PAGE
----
grants, said Peter LeCody of Dallas, chairman of Texas Rail Advocates. Texas
Rail Advocates will host a southwest regional conference on rail beginning Jan.
28, when Rae will address Texans again about the federal interest in bullet
In the past 12 months,
state agencies and the Legislature have raised rail’s profile significantly in
Texas, where for decades nearly the sole focus of the Texas Department of
Transportation has been on building one of the nation’s biggest, and for years
most admired, networks of highways and bridges. Last year, the Transportation
Department created a new rail division, hiring a longtime rail executive who
says his mission is to build a network of fast passenger trains in Texas to
ease highway congestion on major corridors like Interstate 35.
"Folks, we have a
problem," Bill Glavin, the new rail division director, said in a speech in
Austin earlier this month, noting that relentless efforts to add more and
bigger highways in Texas haven’t avoided near gridlock on its roads. "And,
as they say, it’s insanity to keep doing things the same old way and to expect
different results. It is well past time that we add components to our
transportation network that will include freight and passenger rail.
"What’s the solution?
Rail. The big question is funding," he said.
Of course, funding is not
just a big question – it may be the only question, especially in a state where
its constitution forbids spending any gas taxes on rail.
A proposal put forward late
last year by one of the world’s leading passenger rail firms would string
trains between Fort Worth and San Antonio – though not, initially, to Houston.
But it would do so at an eye-popping cost of $13 billion. That’s too much for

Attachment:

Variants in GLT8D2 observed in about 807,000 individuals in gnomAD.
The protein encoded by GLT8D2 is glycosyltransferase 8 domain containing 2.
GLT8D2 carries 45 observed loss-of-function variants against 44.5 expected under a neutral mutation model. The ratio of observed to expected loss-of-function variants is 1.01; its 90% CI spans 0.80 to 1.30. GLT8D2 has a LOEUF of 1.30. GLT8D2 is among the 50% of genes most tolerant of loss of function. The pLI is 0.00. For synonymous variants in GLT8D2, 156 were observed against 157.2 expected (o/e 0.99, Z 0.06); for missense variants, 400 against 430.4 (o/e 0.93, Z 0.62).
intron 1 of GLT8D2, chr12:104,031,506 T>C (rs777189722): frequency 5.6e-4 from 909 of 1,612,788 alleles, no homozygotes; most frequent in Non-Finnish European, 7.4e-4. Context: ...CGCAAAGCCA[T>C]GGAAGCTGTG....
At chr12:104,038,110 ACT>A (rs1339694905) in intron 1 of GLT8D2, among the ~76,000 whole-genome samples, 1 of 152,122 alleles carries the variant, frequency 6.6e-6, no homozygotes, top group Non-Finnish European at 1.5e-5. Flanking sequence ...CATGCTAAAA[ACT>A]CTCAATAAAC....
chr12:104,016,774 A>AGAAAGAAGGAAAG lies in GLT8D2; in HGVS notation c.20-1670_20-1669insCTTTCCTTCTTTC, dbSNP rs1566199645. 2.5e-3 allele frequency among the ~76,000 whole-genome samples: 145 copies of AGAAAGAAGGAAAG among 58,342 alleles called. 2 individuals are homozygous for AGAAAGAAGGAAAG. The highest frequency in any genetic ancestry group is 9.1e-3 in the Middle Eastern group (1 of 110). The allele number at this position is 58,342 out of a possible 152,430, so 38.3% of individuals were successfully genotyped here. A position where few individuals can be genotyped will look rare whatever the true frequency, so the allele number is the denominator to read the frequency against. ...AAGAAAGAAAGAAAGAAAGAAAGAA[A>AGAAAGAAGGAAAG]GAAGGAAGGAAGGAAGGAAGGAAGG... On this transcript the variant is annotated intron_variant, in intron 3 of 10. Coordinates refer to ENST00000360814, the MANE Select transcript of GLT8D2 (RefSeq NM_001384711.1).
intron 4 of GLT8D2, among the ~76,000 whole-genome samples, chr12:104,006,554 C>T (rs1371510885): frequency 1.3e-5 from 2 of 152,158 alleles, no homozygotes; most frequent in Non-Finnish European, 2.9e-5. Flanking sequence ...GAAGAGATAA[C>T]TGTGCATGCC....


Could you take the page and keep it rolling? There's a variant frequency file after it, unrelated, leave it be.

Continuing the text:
even the world’s biggest private companies to handle without significant
government contributions, though rail advocates note that once built, many of
the world’s most advanced passenger rail lines operate without taxpayer
Still, LeCody said he’s more
optimistic about rail in Texas than he has ever been. Even if the grandest
plans remain on the drawing board for years, other, smaller improvements are
almost certain to happen more quickly.
Indeed, of the $1.8 billion
Texas has requested in the current round of funding, about $400 million of it
is for far smaller but still potentially significant improvements. Jennifer
Moczygemba, who helped prepare the applications for the state transportation
department, said most of those improvements would help improve freight rail in
Texas, but in ways that will also speed up existing Amtrak service in the
state, which shares rail lines with the private carriers. For instance, $3
million would help improve signals along a rail line from Fort Worth to Oklahoma,
allowing Amtrak service to maintain speeds of 79 mph, rather than having to
slow down in places to 49 mph.
Texas is also seeking about
$30 million to make improvements at Tower 55 in Fort Worth, where multiple rail
lines converge, slowing down trains each day. If awarded, the money would speed
up Trinity Railway Express commuter trips through the area, she said.
Glavin, whose department
has 33 employees, said even small steps will be important as Texas begins
seeing rail as a vital part of its transportation planning.
"The mission is
evolving as we go forward," he said of the new rail division. "What
is important is that TxDOT has made the commitment that there simply has to be
a viable alternative to building out the roads as we have always done."